The colder the duck…

Alcohol and I have had a long and…interesting…relationship.  We didn’t usually have liquor at home when I was growing up (at least to my knowledge), but I sometimes carried drinks from the kitchen to the living room when our relatives got together. I thought that the bourbon in those glasses smelled nasty, and when I eventually tried sneaking a sip from some unsuspecting relative’s beer, it tasted weird to me. I figured, heck, no worries for me in that department! (Uh-huh.)

My first up close and personal interaction with alcohol was at a Thanksgiving dinner when I was about 9. It was a special holiday dinner because my mama’s only sister and her family were in town. They lived in Virginia and rarely came all the way down to South Carolina to see us, and who could blame them…it was a long drive from their home…which was beautiful…and had a dock…and was near a BEACH. Their lives seemed so much more interesting than ours. I thought they were downright sophisticated, and it was always like a party when we saw them.

Aunt M is a feisty redhead with amber-colored eyes. She’s tall (at least compared to her little sister…my 4’11” mother), and is articulate and outgoing. She loves to laugh, plays a mean game of Scrabble, and I called her Aunt Tootoo when I was little. (I apparently couldn’t pronounce ‘Scooter’, the nickname that everyone called her.) Her husband, Uncle J, is a sweet, larger than life character who tolerated and teased us kids and gave us lots of life lessons, while still having fun. My cousin K was the same age as my sister–we were jealous of her because she was thin and cute and we thought she lived a perfect life. Having them all at our house for dinner was a BIG DEAL.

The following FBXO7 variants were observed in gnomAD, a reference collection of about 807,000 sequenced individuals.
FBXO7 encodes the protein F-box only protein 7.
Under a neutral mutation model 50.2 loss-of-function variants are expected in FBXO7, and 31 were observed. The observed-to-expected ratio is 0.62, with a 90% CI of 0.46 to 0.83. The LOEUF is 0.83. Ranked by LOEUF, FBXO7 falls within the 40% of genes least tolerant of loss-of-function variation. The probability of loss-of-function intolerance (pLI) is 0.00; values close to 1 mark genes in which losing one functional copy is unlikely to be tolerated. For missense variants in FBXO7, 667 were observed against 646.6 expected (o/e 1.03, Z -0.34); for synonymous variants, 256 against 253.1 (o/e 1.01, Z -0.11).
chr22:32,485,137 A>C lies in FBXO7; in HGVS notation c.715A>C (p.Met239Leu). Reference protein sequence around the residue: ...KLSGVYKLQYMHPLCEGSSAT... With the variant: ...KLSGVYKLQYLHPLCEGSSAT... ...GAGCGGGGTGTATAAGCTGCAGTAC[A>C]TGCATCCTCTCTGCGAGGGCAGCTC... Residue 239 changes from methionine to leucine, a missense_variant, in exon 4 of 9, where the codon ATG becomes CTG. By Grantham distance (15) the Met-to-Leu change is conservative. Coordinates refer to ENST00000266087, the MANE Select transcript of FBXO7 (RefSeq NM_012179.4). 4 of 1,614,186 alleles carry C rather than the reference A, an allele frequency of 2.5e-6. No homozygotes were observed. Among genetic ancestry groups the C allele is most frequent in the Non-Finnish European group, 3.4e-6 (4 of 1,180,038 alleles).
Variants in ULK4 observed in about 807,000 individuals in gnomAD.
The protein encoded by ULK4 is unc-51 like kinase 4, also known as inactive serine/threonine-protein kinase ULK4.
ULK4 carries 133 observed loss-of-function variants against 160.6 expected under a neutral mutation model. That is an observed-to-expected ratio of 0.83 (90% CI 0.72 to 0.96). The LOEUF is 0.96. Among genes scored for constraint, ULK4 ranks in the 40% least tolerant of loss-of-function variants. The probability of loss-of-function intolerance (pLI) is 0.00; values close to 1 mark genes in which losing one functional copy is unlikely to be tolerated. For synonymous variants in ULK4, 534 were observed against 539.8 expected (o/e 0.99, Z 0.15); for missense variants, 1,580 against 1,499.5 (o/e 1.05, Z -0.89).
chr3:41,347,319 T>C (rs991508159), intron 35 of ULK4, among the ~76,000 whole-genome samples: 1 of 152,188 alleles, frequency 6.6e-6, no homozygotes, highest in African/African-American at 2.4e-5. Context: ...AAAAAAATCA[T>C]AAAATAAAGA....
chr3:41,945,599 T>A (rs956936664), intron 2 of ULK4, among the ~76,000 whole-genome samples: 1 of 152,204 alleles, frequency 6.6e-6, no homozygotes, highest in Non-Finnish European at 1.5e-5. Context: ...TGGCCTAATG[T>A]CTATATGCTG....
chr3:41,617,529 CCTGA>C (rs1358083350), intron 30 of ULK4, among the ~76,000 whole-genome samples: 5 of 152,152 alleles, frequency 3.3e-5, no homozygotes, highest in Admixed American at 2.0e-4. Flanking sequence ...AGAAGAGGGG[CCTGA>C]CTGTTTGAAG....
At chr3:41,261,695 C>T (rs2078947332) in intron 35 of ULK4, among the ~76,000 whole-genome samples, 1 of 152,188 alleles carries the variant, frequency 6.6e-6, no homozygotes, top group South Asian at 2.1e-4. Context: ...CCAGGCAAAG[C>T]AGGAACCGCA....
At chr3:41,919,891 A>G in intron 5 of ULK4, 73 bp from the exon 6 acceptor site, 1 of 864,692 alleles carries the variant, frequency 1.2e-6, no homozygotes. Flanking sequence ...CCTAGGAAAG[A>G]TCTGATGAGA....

The scene of the crime was the dining room table, loaded with the remains of a traditional turkey dinner (most of which came from a local cafeteria-style restaurant). As some of the dishes were being cleared and a few seats opened up, I moved from the kids’ table in the living room to the grown-up table (where I knew I really belonged). There were a few stragglers there, sipping rusty-pink colored wine from small, cut crystal glasses and talking about grown up things…and I felt that I was finally in my element! Before long, my uncle poured a finger or so of wine into one of the glasses and pushed it over until it was right in front of me. Our eyes met, and he toasted me, his blue eyes sparkling with just a little bit of the devil in them. I glanced around to make sure I wasn’t already in trouble, but I guess everyone was feeling strangely European that day…they acted like 9 year olds always had wine after dinner at our house! I sipped the stuff, and was surprised to find that it wasn’t at all what I expected…it was semi-sweet and kind of bubbly, and I emptied my glass. I had just been introduced to the phenomenon known as Cold Duck, a trendy mix of burgundy and champagne…a combo that I now know is just wrong. (Can you say, ‘Hello, hangover”?)